An introductory textbook on the ethics of our treatment of animals. Written for the Open University but specially revised here for non-OU students, it introduces readers step by step to the skills required for thinking clearly about our treatment of animals. It is ideally suited to those confronting philosophy and ethical problems for the first time. With the beginner firmly in mind, each chapter introduces one of three standard approaches in ethical theory: utilitarianism, rights and virtue ethics. Rosalind Hursthouse explains how each approach encourages us to think about our treatment of animals. Each chapter is then linked to a reading from a key exponent of each approach, such as Peter Singer, and asks students to think critically about the readings for themselves. The book aims to equip students with the key skills necessary for thinking about our treatment of animals. By the end of the book students should be able to: understand and evaluate for themselves arguments about our treatment of animals; critically discuss some of the key approaches in ethical theory; and appraise the writings of key thinkers who have influenced thinking about our treatment of animals.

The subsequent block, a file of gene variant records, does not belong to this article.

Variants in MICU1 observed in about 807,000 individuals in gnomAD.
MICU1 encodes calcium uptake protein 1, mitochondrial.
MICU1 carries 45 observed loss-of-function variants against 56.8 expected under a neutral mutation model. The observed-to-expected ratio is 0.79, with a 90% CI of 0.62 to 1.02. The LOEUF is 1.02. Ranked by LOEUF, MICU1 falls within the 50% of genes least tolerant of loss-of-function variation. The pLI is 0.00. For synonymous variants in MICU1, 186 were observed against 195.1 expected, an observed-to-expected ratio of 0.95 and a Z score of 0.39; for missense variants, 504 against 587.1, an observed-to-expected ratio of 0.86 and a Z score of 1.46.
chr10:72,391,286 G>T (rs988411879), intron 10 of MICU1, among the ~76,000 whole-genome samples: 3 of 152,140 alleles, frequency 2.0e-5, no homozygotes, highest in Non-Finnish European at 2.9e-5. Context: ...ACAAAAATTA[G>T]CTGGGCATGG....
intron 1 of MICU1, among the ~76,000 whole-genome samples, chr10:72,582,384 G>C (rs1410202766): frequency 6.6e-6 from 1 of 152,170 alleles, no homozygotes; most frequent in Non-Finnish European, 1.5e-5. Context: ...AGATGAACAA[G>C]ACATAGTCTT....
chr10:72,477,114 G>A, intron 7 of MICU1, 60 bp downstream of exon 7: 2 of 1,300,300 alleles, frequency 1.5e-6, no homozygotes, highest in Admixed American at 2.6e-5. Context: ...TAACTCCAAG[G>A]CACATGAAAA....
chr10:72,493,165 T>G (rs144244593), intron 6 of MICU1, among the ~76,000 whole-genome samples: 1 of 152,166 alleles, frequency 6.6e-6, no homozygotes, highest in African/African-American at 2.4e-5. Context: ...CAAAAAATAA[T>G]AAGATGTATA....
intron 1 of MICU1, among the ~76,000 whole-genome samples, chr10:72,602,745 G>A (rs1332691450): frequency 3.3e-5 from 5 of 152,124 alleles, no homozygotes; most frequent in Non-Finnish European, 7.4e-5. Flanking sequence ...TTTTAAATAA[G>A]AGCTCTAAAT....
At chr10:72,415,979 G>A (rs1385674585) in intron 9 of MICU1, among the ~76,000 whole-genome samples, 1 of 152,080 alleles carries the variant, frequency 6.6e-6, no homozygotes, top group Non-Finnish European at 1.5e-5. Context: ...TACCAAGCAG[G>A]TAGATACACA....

Key features of the book also include activities and exercises so that students can monitor their progress, chapter summaries, and guides to further reading.